Alonzo Mourning definitely deserves a mention as he was a part of the 3-way MVP race with Duncan and Malone as well as being voted in as the 1st team All-NBA center ahead of Shaq. If he had a somewhat better team around him that allowed him to make it out of the first round I think he'd have a very solid case.

Shaq and Malone both had very strong regular seasons and good showings in the first round. Stockton did not have his best post-season and Kobe of course wasn't the elite player yet he'd become from 01 onwards so Shaq and Malone surely did it much more on their own than the twin towers on the Spurs or the more committee based Blazers and Knicks. That said they both got eliminated in the second round in a way that leaves a bit of a sour taste. Mourning's team lost in the play-offs despite his great performance but I'm not sure you can say that for either Shaq or Malone.

Duncan was still up there in the regular season as shown by him being a very close and competitive 3rd in MVP voting, All-NBA 1st team and 3rd in WS. His play-off run is what makes the difference to me in a similar vein as it did in 2007 imo. The dominant finals performance was against the Knicks without Ewing though and in half the series it wasn't even clear if he was clear who the best Spur was so I guess I'm being pretty heavily influenced by his showing against the Lakers especially. Sweeping another MVP candidate with your second best player playing significantly less than he did any other series is hard to ignore.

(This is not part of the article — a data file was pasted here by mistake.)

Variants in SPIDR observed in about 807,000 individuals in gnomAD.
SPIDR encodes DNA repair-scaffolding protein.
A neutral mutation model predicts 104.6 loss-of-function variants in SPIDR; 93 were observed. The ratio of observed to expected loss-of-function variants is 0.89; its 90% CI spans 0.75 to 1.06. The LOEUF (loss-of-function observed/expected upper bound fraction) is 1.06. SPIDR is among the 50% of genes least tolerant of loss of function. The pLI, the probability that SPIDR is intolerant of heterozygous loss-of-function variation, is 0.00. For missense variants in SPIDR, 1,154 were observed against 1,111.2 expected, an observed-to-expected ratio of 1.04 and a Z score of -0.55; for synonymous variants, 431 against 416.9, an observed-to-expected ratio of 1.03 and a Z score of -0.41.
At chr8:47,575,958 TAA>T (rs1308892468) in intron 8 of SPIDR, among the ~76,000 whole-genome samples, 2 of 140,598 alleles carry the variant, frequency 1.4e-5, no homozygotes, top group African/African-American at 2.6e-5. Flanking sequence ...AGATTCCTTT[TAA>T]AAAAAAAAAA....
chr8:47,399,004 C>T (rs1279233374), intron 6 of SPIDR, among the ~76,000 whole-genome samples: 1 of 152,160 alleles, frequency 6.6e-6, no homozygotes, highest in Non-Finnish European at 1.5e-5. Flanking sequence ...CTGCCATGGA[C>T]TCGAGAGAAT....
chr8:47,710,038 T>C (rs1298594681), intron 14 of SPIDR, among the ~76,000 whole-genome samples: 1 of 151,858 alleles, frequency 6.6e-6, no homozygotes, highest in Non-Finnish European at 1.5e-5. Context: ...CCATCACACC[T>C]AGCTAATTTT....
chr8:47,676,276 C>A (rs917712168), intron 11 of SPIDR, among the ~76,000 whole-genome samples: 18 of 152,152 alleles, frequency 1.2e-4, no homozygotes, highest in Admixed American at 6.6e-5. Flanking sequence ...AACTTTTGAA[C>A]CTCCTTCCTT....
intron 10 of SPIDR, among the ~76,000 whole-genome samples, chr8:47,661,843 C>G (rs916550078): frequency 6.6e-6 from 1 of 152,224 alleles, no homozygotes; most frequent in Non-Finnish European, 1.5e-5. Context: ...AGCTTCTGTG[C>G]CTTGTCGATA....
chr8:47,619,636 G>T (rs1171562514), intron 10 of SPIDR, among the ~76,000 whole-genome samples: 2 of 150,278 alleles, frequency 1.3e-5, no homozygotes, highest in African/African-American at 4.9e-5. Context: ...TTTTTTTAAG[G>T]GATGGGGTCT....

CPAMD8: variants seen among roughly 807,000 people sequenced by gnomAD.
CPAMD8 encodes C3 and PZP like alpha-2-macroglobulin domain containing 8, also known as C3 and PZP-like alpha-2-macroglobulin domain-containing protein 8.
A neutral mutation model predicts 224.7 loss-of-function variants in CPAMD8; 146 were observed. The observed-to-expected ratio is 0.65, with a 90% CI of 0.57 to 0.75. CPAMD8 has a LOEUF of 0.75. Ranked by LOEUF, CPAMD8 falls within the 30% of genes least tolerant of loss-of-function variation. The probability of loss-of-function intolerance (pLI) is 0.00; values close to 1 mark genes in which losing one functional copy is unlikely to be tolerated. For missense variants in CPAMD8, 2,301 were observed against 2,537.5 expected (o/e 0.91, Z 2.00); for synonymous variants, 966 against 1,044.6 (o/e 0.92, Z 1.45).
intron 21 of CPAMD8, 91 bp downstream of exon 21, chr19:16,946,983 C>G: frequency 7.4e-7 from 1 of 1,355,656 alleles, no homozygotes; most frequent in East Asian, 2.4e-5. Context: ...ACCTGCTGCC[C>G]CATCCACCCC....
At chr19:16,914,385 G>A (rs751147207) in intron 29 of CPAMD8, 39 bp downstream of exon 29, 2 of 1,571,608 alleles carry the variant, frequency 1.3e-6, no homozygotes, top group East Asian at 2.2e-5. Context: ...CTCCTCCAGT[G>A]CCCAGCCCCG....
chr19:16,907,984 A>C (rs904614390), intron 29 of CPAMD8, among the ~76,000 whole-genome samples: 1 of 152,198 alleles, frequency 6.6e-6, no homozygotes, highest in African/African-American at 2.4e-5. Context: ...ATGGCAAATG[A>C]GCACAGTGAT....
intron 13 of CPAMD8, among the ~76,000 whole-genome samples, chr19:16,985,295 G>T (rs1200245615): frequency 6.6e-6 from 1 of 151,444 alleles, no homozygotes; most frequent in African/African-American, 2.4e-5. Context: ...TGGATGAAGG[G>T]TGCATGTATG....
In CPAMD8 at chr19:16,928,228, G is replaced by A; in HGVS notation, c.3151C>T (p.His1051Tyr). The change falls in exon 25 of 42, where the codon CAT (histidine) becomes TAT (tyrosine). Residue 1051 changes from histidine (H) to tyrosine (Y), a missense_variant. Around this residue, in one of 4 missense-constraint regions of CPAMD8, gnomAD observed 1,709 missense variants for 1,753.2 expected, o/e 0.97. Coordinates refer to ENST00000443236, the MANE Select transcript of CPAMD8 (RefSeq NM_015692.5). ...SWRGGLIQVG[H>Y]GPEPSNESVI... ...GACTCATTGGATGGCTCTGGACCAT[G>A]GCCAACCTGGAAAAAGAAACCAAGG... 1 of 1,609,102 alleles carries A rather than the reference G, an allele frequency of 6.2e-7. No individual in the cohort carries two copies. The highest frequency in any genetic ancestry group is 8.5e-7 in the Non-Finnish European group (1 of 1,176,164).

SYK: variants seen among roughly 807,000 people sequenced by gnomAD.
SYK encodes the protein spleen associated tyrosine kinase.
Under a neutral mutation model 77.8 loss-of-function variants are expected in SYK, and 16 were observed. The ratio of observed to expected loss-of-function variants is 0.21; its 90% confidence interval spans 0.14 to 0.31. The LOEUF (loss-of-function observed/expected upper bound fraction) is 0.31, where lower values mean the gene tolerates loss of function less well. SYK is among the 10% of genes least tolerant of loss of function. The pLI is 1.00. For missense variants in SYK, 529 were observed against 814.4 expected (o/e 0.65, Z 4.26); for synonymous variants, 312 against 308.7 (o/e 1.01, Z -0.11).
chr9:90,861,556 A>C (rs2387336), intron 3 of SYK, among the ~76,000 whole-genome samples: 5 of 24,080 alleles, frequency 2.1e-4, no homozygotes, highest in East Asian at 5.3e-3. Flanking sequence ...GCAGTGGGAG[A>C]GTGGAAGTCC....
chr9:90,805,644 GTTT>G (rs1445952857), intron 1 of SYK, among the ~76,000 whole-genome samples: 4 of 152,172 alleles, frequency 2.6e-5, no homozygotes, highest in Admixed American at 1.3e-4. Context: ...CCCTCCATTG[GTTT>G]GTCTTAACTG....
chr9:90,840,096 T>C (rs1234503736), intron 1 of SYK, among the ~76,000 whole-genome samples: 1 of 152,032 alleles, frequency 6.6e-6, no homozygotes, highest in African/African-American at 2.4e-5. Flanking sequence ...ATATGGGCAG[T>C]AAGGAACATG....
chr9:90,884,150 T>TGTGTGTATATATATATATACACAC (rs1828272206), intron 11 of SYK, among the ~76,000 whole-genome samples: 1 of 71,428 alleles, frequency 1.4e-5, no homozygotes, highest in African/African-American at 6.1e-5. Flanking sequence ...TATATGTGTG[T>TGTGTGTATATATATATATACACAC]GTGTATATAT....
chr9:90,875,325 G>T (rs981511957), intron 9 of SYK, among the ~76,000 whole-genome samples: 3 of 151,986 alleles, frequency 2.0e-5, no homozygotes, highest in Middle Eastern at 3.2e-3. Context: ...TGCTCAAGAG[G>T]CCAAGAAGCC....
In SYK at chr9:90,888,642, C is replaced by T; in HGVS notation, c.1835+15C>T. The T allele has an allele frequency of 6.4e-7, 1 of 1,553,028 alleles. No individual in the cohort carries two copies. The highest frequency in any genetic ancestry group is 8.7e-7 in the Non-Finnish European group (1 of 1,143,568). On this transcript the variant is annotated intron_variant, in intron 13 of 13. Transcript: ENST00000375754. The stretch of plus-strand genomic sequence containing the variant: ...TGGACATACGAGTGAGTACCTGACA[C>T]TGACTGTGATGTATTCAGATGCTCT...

Just like in 2007 I don't think this was a strong year for the top talent and Duncan wouldn't have been the best player the years before and after with a similar performance but we only have the performances in these specific seasons to choose from and by process of elimination I do think Duncan held up the best.
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Re: who was the best player in 1999? 

Post#4 » by feyki » Tue Sep 14, 2021 8:31 am